Home to Australia’s largest inland networks of waterways, Lakes Entrance is one of the most popular holiday spots along Victoria’s East Coast. It holds a great position on Ninety Mile Beach, right where the Gippsland Lakes meets the Southern Ocean and is full of accommodation options, dining choices and aqua experiences for anyone coming to visit.
Lakes Entrance is a wonderful place to try some of the local seafood, and is actually known as the seafood capital of Victoria due to the large number of fishing trawlers that operate in the area. You can even catch your own fish for the freshest seafood experience.
When we were in Lakes Entrance we spent the night at the Lakes Entrance Recreation & Camping Reserve, which is a campground that has been set up around the local footy oval. It’s in a great location, super close to town, and is open for all kinds of campers and caravanners. Dogs are welcome, office is open from 9am to 5:30pm, call on 0408 789 271 to make a reservation.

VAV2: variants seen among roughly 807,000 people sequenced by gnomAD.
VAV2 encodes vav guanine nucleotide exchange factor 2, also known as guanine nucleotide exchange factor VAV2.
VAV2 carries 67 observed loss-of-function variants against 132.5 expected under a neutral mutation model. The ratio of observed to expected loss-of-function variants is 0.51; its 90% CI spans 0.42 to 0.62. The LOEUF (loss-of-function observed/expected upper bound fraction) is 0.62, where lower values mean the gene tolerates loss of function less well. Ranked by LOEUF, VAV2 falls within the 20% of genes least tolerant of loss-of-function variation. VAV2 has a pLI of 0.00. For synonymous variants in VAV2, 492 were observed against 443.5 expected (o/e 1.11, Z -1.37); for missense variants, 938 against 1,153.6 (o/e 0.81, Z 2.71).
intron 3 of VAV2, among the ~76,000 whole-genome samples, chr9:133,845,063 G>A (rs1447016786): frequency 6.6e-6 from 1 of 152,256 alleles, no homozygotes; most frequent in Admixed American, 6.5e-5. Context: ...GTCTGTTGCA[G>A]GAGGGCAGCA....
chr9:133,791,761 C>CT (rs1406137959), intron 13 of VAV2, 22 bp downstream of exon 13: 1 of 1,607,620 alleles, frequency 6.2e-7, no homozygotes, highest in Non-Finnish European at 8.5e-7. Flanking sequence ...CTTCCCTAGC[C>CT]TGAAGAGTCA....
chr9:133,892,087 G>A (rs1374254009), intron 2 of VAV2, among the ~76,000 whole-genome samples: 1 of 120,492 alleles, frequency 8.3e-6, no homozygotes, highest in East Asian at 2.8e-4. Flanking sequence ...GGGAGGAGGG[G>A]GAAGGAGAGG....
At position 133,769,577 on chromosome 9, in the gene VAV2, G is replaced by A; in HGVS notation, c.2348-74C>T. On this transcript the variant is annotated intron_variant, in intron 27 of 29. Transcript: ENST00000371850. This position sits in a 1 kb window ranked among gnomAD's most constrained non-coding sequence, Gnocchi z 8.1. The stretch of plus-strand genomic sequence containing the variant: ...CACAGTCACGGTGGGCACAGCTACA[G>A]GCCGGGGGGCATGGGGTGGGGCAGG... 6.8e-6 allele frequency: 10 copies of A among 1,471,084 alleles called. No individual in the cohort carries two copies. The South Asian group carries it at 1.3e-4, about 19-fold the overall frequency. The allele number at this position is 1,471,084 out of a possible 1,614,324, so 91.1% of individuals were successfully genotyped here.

3. Ninety Mile Beach
The name of this place can’t explain what it is any clearer. From Port Albert all the way to Lakes Entrance, Ninety Mile Beach stretches for ninety miles and is home to beautiful golden shores, coastal sand dunes and great surf waves crashing in from the ocean.
It’s a great place to relax and unwind from the stresses of regular life, where you can walk, swim and fish, or watch whales, pelicans and dolphin from your little spot along the sand.
Ninety Mile Beach is predominately a surf beach, so make sure you only swim between the flags at Seaspray, Woodside Beach and Lakes Entrance, where life guards are on patrol during the summer months.
4. Gippsland Lakes
The Gippsland Lakes are a network of lakes, marshes and lagoons that cover more than 600 square kilometres. The three main lakes that make up Gippsland Lakes are Lake Victoria, King Lake and Lake Wellington, which are fed by rivers that begin in the High Country.
For the best experience, rent a boat in Metung or Paynesville and hop you way along some of the waterside cafes. You could also take a ferry to Raymond Island (free for pedestrians) to see it’s local koala colony, or across to Rotamah Island which is home to heaps of kangaroos and wallabies.
5. Phillip Island
Home to the world famous fairy penguins, Phillip Island is known for some of it’s outstanding natural experiences and landscapes. There’ s the penguin parade, the Koala Conservation Centre, Churchill Island Heritage Farm and the beautiful Nobbies lookout and information centre.